What Can Farmville Teach Educational Game Developers?

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Zynga built the social gaming industry around what used to be an overlooked demographic: middle-age females. Now it hopes to repeat its success in another sector where many big game companies have fallen: education.

In October 2012, Zynga.org's Executive Director, Ken Weber, reached out to NewSchools Venture Fund to explore how the two could collaborate to build games for learning. NewSchools CEO Ted Mitchell saw a fit: "A lot of learning research we've seen point to the importance of grit and persistence. And we thought the gaming industry is ripe to tackle this problem." This past May, the two officially announced a partnership for a learning games accelerator, now formally called co.lab.

At last night's kickoff event, the first cohort of five companies--Motion Math, Pluto Media, Kidaptive, LocoMotive Labs, Edmodo--showed off game apps that tackle math, music literacy, early childhood development and special needs development, respectively. Edmodo plans to be the distribution channel for these games into schools. "We want to be what Facebook was for Zynga," said Edmodo Marketing VP, Ketan Kothari.

The evening began with a bold statement from Zynga CEO, Mark Pincus: "I hope these startups can create a viable industry for learning games."

It's easier said than done. Numerous media companies in the 90's have tried--and failed--to establish a foothold in what was then called the "edutainment" industry, as outlined in a report from the Joan Ganz Cooney Center, "What in the World Happened to Carmen Sandiego?"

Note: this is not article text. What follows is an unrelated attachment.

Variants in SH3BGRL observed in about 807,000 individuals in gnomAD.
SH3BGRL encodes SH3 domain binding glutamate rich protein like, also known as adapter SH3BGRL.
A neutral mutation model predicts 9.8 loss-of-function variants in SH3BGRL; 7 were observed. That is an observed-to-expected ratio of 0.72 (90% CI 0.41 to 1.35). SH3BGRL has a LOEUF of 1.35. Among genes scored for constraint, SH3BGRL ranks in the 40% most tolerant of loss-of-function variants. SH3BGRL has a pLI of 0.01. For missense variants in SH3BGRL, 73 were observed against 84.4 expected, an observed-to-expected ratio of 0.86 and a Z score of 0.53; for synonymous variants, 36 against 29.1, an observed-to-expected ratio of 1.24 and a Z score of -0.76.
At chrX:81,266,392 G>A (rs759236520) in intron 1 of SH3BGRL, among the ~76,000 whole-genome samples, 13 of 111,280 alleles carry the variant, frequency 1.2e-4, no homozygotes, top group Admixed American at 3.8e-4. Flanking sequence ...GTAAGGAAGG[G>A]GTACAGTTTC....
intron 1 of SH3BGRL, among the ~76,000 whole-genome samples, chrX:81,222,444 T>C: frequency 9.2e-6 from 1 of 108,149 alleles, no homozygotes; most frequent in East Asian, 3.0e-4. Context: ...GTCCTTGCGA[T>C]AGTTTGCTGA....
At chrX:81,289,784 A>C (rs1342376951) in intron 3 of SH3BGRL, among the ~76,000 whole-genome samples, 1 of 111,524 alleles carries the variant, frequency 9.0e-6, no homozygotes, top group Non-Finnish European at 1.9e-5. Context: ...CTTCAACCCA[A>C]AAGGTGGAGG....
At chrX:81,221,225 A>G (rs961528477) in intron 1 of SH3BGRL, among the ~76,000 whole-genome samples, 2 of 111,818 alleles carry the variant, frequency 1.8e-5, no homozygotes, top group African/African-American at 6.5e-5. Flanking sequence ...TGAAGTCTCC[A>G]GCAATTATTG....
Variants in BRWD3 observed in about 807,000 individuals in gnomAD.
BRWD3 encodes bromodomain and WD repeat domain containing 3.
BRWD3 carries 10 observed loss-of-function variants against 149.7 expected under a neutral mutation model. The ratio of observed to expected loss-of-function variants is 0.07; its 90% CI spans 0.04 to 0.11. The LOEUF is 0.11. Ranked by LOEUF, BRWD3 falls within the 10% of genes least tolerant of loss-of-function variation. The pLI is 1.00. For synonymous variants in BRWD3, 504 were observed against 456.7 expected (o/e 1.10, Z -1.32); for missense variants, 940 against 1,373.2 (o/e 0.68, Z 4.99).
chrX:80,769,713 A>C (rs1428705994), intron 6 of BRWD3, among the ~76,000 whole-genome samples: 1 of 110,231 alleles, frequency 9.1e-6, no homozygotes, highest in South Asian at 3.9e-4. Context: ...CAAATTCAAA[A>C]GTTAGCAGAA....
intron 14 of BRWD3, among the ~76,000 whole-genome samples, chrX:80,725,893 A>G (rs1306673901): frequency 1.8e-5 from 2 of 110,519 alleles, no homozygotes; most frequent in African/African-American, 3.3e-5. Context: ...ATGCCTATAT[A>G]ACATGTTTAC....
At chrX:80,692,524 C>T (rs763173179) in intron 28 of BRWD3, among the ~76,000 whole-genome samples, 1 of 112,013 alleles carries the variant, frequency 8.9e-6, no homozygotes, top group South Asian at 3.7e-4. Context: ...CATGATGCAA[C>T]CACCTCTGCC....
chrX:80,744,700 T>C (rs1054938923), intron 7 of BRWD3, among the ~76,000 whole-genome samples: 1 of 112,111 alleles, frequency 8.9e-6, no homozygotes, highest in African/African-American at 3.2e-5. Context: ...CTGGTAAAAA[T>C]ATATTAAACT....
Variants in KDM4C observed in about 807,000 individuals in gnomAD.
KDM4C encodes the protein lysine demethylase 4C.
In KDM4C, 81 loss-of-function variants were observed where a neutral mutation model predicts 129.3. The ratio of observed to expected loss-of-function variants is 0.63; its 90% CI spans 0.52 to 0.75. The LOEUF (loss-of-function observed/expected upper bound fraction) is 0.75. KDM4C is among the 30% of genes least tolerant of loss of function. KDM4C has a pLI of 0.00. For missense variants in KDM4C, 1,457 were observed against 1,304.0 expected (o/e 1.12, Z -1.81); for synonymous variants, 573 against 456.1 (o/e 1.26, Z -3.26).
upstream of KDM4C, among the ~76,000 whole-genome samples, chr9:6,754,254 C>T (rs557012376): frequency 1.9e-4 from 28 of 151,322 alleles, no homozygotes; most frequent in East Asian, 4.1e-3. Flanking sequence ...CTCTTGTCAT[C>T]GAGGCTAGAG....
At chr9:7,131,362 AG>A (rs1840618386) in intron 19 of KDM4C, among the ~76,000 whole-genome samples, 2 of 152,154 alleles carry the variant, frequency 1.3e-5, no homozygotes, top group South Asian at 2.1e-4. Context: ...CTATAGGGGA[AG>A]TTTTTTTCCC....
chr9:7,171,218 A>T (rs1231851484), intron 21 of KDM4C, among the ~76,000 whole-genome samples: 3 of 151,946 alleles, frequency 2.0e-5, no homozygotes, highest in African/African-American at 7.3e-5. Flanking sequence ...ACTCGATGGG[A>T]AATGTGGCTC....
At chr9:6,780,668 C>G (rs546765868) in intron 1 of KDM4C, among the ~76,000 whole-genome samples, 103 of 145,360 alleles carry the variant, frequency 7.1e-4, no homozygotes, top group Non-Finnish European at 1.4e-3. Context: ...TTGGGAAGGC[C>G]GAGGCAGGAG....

Esteban Sosnik, Executive Director of co.lab, is well aware of the challenges. "There's a two-fold problem [for entrepreneurs in this space]. Your games has to be as fun as Candy Crush Saga, since that's what they will be compared to. And it has to deliver real learning value."

Zynga's wizardry with Big Data analytics is well-documented; it's the backbone of their success. Zynga employees will leverage this expertise to help co.lab companies on different aspects of product development, from game design and user engagement to business plans and monetization. A month into the program, co.lab company founders say they've learned valuable lessons on very specific data problems, such as how to measure different ROI on new game features and calculate the lifetime value of customers.

With Edmodo, Sosnik says the Zynga will share lessons learned from "all the pain points and hiccups that it encountered when working with Facebook."

NewSchools will bring entrepreneurs to its network schools where kids and teachers can playtest the games. It will also help them navigate the complexities of selling to schools and regulatory issues like COPPA laws.

The five-month program runs from September through January. Co.lab offers free space for cohort members along with weekly office hours and speaker sessions with industry experts. It will begin accepting applications for the second cohort next month. Participating companies will each receive a stipend between $25K to $50K in exchange for a "nominal amount of equity."

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